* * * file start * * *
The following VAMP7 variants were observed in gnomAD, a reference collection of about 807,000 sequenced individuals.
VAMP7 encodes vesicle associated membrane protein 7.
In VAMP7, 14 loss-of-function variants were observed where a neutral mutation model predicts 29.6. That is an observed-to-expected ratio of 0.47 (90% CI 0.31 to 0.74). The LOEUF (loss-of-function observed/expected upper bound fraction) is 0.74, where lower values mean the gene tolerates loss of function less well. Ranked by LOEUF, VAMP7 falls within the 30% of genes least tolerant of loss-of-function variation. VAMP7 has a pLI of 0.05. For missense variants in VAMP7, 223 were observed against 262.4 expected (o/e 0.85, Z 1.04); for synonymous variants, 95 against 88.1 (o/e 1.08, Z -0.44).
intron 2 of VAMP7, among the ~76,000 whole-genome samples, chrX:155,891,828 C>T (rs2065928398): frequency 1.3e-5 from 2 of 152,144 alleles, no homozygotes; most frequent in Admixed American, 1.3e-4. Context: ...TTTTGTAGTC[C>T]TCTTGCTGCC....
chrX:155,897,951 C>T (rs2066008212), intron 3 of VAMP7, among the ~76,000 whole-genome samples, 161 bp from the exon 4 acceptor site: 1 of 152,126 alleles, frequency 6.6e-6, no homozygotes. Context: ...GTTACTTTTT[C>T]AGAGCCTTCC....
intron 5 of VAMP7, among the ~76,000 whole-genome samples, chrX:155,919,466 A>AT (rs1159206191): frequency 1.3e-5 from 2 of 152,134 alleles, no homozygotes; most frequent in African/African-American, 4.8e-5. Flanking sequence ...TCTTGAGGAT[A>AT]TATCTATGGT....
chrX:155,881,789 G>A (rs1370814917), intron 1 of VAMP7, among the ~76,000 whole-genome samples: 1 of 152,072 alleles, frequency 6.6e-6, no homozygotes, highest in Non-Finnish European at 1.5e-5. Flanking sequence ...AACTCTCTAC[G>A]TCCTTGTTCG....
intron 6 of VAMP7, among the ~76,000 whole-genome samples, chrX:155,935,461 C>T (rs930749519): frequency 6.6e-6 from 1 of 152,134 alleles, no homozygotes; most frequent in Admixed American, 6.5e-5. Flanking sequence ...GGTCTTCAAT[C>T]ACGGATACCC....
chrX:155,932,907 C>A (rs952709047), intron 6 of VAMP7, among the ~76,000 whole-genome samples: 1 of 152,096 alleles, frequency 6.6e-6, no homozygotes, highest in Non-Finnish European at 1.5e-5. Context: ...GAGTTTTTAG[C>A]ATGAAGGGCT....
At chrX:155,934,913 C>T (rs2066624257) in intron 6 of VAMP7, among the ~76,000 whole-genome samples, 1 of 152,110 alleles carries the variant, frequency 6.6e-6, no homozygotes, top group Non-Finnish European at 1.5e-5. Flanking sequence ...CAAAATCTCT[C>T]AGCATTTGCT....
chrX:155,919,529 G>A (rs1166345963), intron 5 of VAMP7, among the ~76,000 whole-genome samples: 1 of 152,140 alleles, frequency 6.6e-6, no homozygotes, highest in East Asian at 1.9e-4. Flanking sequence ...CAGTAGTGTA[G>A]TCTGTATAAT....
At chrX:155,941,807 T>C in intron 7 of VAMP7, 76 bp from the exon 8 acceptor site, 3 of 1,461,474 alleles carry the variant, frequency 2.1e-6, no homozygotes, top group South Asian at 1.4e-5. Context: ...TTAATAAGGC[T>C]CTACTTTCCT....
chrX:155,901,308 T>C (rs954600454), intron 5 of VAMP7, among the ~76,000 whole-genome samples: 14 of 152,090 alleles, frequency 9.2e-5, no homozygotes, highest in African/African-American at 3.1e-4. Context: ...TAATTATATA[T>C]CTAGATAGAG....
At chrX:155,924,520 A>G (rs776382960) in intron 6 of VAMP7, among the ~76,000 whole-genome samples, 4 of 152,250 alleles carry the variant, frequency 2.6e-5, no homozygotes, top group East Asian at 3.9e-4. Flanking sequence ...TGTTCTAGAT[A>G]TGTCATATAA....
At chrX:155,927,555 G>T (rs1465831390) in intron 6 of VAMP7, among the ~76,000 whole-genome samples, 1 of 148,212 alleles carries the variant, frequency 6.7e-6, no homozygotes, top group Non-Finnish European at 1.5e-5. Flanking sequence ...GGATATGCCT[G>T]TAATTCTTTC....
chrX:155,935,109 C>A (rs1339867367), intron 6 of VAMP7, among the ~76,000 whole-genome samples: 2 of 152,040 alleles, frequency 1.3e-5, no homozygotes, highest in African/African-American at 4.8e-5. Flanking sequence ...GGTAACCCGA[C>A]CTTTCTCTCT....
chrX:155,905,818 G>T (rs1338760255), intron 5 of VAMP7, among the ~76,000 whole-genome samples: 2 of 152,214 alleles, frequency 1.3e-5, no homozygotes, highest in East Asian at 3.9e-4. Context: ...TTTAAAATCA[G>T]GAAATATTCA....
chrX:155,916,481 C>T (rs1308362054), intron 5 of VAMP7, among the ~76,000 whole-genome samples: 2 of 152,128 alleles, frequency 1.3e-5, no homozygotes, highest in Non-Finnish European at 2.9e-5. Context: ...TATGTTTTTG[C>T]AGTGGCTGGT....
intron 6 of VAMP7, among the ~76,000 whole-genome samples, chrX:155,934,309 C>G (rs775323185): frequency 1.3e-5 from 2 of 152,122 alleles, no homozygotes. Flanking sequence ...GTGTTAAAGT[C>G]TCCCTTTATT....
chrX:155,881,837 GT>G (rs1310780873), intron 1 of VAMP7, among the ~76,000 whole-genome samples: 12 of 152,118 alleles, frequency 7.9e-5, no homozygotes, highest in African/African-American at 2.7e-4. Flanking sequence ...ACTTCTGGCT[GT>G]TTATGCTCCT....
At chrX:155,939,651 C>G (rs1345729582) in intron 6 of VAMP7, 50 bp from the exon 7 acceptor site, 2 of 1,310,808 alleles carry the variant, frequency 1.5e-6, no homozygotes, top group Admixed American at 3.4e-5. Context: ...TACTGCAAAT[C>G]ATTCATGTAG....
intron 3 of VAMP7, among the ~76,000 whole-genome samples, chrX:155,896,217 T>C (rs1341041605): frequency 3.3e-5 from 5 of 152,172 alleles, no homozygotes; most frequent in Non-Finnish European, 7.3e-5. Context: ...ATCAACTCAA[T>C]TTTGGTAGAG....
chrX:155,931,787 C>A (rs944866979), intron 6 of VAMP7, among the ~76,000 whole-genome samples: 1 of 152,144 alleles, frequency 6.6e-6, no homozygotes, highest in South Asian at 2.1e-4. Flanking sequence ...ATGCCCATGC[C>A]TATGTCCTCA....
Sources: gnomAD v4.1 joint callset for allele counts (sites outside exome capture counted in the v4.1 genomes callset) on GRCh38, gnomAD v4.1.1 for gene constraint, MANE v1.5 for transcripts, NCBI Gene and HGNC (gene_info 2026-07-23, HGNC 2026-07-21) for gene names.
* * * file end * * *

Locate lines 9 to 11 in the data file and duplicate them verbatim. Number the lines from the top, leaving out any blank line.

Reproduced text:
chrX:155,932,907 C>A (rs952709047), intron 6 of VAMP7, among the ~76,000 whole-genome samples: 1 of 152,096 alleles, frequency 6.6e-6, no homozygotes, highest in Non-Finnish European at 1.5e-5. Context: ...GAGTTTTTAG[C>A]ATGAAGGGCT....
At chrX:155,934,913 C>T (rs2066624257) in intron 6 of VAMP7, among the ~76,000 whole-genome samples, 1 of 152,110 alleles carries the variant, frequency 6.6e-6, no homozygotes, top group Non-Finnish European at 1.5e-5. Flanking sequence ...CAAAATCTCT[C>T]AGCATTTGCT....
chrX:155,919,529 G>A (rs1166345963), intron 5 of VAMP7, among the ~76,000 whole-genome samples: 1 of 152,140 alleles, frequency 6.6e-6, no homozygotes, highest in East Asian at 1.9e-4. Flanking sequence ...CAGTAGTGTA[G>A]TCTGTATAAT....